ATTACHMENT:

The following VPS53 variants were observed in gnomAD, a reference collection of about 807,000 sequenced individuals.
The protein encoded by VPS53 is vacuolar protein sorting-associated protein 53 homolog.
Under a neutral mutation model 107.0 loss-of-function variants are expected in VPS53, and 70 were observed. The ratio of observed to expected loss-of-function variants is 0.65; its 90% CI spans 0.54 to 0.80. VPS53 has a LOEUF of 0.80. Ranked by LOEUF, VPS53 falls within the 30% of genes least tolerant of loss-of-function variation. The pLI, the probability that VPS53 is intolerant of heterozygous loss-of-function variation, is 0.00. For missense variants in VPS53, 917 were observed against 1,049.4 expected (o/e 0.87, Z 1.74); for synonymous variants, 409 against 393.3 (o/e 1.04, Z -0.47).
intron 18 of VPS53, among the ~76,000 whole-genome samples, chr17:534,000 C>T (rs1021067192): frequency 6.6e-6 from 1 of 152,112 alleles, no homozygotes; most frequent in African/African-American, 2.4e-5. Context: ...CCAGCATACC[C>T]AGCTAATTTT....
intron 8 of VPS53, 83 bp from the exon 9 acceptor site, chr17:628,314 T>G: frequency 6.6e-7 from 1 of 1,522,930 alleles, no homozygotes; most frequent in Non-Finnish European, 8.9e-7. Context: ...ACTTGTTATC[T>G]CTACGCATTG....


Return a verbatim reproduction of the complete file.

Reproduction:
The following VPS53 variants were observed in gnomAD, a reference collection of about 807,000 sequenced individuals.
The protein encoded by VPS53 is vacuolar protein sorting-associated protein 53 homolog.
Under a neutral mutation model 107.0 loss-of-function variants are expected in VPS53, and 70 were observed. The ratio of observed to expected loss-of-function variants is 0.65; its 90% CI spans 0.54 to 0.80. VPS53 has a LOEUF of 0.80. Ranked by LOEUF, VPS53 falls within the 30% of genes least tolerant of loss-of-function variation. The pLI, the probability that VPS53 is intolerant of heterozygous loss-of-function variation, is 0.00. For missense variants in VPS53, 917 were observed against 1,049.4 expected (o/e 0.87, Z 1.74); for synonymous variants, 409 against 393.3 (o/e 1.04, Z -0.47).
intron 18 of VPS53, among the ~76,000 whole-genome samples, chr17:534,000 C>T (rs1021067192): frequency 6.6e-6 from 1 of 152,112 alleles, no homozygotes; most frequent in African/African-American, 2.4e-5. Context: ...CCAGCATACC[C>T]AGCTAATTTT....
intron 8 of VPS53, 83 bp from the exon 9 acceptor site, chr17:628,314 T>G: frequency 6.6e-7 from 1 of 1,522,930 alleles, no homozygotes; most frequent in Non-Finnish European, 8.9e-7. Context: ...ACTTGTTATC[T>G]CTACGCATTG....